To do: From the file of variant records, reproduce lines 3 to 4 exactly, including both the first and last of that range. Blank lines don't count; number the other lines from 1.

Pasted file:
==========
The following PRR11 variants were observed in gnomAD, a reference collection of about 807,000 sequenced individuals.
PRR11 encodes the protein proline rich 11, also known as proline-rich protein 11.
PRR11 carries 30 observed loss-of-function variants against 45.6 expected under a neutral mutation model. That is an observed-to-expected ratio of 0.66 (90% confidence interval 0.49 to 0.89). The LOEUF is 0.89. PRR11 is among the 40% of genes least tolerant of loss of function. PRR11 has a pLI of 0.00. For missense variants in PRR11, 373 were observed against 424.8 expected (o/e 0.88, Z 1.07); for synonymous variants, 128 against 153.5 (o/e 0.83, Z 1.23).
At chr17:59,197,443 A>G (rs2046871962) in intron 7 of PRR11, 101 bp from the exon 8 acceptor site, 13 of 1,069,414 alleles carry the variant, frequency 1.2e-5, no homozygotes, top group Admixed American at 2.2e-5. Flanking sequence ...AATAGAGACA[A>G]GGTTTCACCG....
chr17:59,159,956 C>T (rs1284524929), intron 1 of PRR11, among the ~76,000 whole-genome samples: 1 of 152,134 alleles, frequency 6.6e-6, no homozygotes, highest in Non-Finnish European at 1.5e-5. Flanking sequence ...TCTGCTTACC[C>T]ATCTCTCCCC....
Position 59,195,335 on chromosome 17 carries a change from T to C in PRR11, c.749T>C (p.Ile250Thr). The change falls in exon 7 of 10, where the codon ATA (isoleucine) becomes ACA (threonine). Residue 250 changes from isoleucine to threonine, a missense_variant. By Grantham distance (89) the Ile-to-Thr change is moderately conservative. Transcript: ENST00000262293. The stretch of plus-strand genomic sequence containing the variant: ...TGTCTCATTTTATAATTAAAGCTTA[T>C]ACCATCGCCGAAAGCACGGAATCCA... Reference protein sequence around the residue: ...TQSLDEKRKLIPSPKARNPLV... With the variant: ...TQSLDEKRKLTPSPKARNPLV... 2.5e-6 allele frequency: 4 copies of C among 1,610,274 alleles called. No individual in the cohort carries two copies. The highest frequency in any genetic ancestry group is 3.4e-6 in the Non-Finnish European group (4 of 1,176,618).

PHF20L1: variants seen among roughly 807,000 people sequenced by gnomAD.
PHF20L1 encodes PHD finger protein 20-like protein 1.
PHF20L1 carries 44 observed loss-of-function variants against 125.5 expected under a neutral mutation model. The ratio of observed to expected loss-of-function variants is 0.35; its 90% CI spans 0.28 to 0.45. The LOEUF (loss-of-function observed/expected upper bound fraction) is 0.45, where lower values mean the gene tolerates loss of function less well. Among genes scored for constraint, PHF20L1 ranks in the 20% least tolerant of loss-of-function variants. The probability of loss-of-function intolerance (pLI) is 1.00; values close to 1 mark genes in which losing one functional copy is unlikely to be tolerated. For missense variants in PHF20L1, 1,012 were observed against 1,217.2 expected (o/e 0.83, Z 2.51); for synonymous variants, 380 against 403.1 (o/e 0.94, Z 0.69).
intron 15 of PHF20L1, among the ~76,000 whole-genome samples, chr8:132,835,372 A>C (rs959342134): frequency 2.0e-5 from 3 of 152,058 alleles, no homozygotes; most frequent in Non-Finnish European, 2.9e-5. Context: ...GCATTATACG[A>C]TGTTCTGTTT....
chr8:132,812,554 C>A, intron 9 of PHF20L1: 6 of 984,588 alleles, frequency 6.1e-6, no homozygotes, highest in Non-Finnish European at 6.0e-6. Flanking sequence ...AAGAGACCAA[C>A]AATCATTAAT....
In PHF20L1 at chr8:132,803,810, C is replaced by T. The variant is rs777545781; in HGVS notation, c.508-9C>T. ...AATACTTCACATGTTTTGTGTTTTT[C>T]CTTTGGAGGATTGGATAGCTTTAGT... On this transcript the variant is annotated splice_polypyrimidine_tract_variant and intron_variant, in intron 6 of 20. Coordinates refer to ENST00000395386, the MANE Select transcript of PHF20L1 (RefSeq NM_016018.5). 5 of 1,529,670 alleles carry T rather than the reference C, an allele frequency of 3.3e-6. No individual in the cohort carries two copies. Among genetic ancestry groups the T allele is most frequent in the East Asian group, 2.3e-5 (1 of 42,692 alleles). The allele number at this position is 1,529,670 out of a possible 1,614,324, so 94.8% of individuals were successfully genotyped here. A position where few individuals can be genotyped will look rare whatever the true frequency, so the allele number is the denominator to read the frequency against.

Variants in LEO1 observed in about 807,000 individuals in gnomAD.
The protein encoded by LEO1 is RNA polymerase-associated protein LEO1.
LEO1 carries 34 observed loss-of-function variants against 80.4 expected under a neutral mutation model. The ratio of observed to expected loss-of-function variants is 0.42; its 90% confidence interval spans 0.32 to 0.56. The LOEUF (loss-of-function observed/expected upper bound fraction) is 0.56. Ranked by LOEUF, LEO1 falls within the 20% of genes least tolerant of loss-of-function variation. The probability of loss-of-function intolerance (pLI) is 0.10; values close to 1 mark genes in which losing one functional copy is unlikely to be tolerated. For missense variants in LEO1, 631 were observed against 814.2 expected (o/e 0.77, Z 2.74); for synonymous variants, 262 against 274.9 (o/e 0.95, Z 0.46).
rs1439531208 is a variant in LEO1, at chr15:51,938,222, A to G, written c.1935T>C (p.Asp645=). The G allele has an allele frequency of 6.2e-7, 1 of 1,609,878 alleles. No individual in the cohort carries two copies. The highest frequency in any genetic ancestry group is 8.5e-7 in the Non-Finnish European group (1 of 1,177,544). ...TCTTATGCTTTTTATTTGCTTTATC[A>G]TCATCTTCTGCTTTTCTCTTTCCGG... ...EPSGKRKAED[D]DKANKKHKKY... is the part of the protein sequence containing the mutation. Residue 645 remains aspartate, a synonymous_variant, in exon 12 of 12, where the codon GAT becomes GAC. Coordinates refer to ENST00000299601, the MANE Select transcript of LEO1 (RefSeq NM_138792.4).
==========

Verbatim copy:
PRR11 carries 30 observed loss-of-function variants against 45.6 expected under a neutral mutation model. That is an observed-to-expected ratio of 0.66 (90% confidence interval 0.49 to 0.89). The LOEUF is 0.89. PRR11 is among the 40% of genes least tolerant of loss of function. PRR11 has a pLI of 0.00. For missense variants in PRR11, 373 were observed against 424.8 expected (o/e 0.88, Z 1.07); for synonymous variants, 128 against 153.5 (o/e 0.83, Z 1.23).
At chr17:59,197,443 A>G (rs2046871962) in intron 7 of PRR11, 101 bp from the exon 8 acceptor site, 13 of 1,069,414 alleles carry the variant, frequency 1.2e-5, no homozygotes, top group Admixed American at 2.2e-5. Flanking sequence ...AATAGAGACA[A>G]GGTTTCACCG....